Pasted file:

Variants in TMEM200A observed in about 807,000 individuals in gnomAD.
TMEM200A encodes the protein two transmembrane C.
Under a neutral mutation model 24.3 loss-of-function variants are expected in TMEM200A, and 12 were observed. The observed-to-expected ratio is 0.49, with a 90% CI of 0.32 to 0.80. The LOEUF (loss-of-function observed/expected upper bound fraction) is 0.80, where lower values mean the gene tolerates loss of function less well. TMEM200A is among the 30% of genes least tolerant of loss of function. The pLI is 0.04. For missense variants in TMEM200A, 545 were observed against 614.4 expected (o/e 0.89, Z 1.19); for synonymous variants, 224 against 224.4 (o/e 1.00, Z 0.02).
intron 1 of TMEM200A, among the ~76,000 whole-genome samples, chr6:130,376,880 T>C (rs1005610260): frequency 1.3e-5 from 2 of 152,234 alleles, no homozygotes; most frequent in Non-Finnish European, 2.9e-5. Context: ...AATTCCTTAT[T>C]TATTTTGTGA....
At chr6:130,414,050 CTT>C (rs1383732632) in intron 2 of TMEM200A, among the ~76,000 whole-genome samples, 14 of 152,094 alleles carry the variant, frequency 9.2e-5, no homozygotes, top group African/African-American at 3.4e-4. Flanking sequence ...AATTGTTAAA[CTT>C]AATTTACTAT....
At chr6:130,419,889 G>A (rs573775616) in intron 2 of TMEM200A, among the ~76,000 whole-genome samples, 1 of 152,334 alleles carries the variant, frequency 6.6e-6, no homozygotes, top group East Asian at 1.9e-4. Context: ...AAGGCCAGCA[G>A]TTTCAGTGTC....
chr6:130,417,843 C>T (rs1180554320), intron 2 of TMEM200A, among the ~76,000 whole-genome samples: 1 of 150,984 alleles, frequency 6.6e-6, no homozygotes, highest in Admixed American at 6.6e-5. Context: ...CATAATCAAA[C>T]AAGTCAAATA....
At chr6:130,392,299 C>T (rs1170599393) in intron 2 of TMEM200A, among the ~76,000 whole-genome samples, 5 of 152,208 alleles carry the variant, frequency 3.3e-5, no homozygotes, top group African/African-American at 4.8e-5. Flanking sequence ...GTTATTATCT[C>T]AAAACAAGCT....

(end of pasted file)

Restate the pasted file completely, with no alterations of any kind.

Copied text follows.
Variants in TMEM200A observed in about 807,000 individuals in gnomAD.
TMEM200A encodes the protein two transmembrane C.
Under a neutral mutation model 24.3 loss-of-function variants are expected in TMEM200A, and 12 were observed. The observed-to-expected ratio is 0.49, with a 90% CI of 0.32 to 0.80. The LOEUF (loss-of-function observed/expected upper bound fraction) is 0.80, where lower values mean the gene tolerates loss of function less well. TMEM200A is among the 30% of genes least tolerant of loss of function. The pLI is 0.04. For missense variants in TMEM200A, 545 were observed against 614.4 expected (o/e 0.89, Z 1.19); for synonymous variants, 224 against 224.4 (o/e 1.00, Z 0.02).
intron 1 of TMEM200A, among the ~76,000 whole-genome samples, chr6:130,376,880 T>C (rs1005610260): frequency 1.3e-5 from 2 of 152,234 alleles, no homozygotes; most frequent in Non-Finnish European, 2.9e-5. Context: ...AATTCCTTAT[T>C]TATTTTGTGA....
At chr6:130,414,050 CTT>C (rs1383732632) in intron 2 of TMEM200A, among the ~76,000 whole-genome samples, 14 of 152,094 alleles carry the variant, frequency 9.2e-5, no homozygotes, top group African/African-American at 3.4e-4. Flanking sequence ...AATTGTTAAA[CTT>C]AATTTACTAT....
At chr6:130,419,889 G>A (rs573775616) in intron 2 of TMEM200A, among the ~76,000 whole-genome samples, 1 of 152,334 alleles carries the variant, frequency 6.6e-6, no homozygotes, top group East Asian at 1.9e-4. Context: ...AAGGCCAGCA[G>A]TTTCAGTGTC....
chr6:130,417,843 C>T (rs1180554320), intron 2 of TMEM200A, among the ~76,000 whole-genome samples: 1 of 150,984 alleles, frequency 6.6e-6, no homozygotes, highest in Admixed American at 6.6e-5. Context: ...CATAATCAAA[C>T]AAGTCAAATA....
At chr6:130,392,299 C>T (rs1170599393) in intron 2 of TMEM200A, among the ~76,000 whole-genome samples, 5 of 152,208 alleles carry the variant, frequency 3.3e-5, no homozygotes, top group African/African-American at 4.8e-5. Flanking sequence ...GTTATTATCT[C>T]AAAACAAGCT....